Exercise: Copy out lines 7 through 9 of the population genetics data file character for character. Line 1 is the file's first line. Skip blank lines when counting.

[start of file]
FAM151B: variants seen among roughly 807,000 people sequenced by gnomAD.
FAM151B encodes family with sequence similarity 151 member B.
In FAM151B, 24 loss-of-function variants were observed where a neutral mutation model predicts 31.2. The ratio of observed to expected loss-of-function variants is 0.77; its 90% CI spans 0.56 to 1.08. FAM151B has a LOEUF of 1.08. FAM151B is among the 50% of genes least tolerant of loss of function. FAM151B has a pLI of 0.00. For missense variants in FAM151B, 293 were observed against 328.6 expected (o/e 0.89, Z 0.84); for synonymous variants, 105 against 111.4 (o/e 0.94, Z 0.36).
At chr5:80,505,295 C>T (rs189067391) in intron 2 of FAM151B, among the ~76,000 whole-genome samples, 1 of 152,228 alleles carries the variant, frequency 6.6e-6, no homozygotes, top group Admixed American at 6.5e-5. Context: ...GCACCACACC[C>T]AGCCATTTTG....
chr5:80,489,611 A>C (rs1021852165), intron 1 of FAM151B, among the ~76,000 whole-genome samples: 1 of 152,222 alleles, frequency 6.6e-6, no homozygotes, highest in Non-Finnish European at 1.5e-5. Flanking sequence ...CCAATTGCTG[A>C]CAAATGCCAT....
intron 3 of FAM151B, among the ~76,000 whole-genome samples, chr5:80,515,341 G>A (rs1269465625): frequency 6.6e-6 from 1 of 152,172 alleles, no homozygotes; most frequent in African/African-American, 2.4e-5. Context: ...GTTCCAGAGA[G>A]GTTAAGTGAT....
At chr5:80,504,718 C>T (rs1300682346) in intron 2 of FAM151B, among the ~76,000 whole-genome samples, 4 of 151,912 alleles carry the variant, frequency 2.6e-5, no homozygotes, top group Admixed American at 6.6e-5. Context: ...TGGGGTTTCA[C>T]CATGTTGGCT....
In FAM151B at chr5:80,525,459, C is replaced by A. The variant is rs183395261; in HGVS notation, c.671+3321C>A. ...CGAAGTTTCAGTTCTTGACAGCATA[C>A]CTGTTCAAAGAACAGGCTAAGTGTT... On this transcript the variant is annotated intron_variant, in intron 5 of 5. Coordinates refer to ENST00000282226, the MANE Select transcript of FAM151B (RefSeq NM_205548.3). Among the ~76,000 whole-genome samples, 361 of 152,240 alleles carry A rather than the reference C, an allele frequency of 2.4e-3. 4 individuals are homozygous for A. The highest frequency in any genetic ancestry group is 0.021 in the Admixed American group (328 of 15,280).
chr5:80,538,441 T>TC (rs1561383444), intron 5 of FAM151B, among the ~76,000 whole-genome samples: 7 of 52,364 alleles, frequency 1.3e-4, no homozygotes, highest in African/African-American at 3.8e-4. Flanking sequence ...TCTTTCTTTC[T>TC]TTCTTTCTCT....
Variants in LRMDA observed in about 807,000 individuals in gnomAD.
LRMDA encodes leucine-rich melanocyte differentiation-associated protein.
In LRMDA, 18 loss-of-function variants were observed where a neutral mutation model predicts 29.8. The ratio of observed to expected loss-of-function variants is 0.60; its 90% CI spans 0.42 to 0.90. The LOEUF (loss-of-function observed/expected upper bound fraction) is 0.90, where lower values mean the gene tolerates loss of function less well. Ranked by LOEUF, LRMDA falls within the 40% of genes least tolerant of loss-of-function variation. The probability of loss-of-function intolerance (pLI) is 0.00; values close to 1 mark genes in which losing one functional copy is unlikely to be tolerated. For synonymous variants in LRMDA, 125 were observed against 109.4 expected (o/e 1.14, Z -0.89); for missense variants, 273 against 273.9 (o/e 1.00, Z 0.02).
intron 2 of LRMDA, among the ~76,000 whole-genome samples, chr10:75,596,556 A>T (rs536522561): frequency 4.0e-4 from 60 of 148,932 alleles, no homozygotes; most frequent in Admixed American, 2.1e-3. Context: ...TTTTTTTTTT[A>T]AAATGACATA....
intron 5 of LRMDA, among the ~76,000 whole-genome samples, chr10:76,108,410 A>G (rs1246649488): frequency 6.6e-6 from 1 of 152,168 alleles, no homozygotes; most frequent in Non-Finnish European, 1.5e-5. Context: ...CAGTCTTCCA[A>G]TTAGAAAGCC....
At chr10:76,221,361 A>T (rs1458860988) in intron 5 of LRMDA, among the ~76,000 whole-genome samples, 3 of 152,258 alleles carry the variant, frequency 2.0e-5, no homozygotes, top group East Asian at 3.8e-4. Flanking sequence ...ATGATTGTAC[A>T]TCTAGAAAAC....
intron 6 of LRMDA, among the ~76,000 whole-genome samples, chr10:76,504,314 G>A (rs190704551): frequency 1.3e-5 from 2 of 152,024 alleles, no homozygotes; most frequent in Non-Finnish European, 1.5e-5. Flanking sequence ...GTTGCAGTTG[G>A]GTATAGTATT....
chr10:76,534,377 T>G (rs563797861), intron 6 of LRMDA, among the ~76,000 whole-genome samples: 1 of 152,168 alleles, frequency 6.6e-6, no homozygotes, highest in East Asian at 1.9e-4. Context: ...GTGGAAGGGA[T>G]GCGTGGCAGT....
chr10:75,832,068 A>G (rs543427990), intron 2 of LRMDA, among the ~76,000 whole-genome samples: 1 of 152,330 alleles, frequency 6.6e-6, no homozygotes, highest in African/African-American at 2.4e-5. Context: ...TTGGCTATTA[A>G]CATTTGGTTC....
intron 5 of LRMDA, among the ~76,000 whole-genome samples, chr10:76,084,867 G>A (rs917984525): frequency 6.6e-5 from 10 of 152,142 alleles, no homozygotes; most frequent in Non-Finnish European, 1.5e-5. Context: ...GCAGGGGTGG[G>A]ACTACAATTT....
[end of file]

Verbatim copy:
At chr5:80,504,718 C>T (rs1300682346) in intron 2 of FAM151B, among the ~76,000 whole-genome samples, 4 of 151,912 alleles carry the variant, frequency 2.6e-5, no homozygotes, top group Admixed American at 6.6e-5. Context: ...TGGGGTTTCA[C>T]CATGTTGGCT....
In FAM151B at chr5:80,525,459, C is replaced by A. The variant is rs183395261; in HGVS notation, c.671+3321C>A. ...CGAAGTTTCAGTTCTTGACAGCATA[C>A]CTGTTCAAAGAACAGGCTAAGTGTT... On this transcript the variant is annotated intron_variant, in intron 5 of 5. Coordinates refer to ENST00000282226, the MANE Select transcript of FAM151B (RefSeq NM_205548.3). Among the ~76,000 whole-genome samples, 361 of 152,240 alleles carry A rather than the reference C, an allele frequency of 2.4e-3. 4 individuals are homozygous for A. The highest frequency in any genetic ancestry group is 0.021 in the Admixed American group (328 of 15,280).
chr5:80,538,441 T>TC (rs1561383444), intron 5 of FAM151B, among the ~76,000 whole-genome samples: 7 of 52,364 alleles, frequency 1.3e-4, no homozygotes, highest in African/African-American at 3.8e-4. Flanking sequence ...TCTTTCTTTC[T>TC]TTCTTTCTCT....